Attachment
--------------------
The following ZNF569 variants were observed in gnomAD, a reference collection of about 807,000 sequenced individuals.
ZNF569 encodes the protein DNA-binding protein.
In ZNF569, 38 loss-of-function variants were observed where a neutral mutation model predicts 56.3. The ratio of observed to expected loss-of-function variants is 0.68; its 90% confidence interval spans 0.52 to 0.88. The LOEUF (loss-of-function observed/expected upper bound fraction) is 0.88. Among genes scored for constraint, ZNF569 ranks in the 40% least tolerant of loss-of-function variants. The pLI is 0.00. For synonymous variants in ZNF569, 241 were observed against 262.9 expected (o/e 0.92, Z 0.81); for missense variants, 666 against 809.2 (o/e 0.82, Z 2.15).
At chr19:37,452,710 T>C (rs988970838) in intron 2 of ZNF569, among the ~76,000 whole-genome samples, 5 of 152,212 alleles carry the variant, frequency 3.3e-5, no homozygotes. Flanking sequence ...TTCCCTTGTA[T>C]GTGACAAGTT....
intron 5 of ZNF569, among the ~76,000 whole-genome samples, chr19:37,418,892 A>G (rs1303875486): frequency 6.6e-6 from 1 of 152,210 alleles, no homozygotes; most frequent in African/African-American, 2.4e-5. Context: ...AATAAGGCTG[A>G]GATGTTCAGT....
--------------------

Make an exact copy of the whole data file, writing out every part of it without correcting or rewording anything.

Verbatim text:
The following ZNF569 variants were observed in gnomAD, a reference collection of about 807,000 sequenced individuals.
ZNF569 encodes the protein DNA-binding protein.
In ZNF569, 38 loss-of-function variants were observed where a neutral mutation model predicts 56.3. The ratio of observed to expected loss-of-function variants is 0.68; its 90% confidence interval spans 0.52 to 0.88. The LOEUF (loss-of-function observed/expected upper bound fraction) is 0.88. Among genes scored for constraint, ZNF569 ranks in the 40% least tolerant of loss-of-function variants. The pLI is 0.00. For synonymous variants in ZNF569, 241 were observed against 262.9 expected (o/e 0.92, Z 0.81); for missense variants, 666 against 809.2 (o/e 0.82, Z 2.15).
At chr19:37,452,710 T>C (rs988970838) in intron 2 of ZNF569, among the ~76,000 whole-genome samples, 5 of 152,212 alleles carry the variant, frequency 3.3e-5, no homozygotes. Flanking sequence ...TTCCCTTGTA[T>C]GTGACAAGTT....
intron 5 of ZNF569, among the ~76,000 whole-genome samples, chr19:37,418,892 A>G (rs1303875486): frequency 6.6e-6 from 1 of 152,210 alleles, no homozygotes; most frequent in African/African-American, 2.4e-5. Context: ...AATAAGGCTG[A>G]GATGTTCAGT....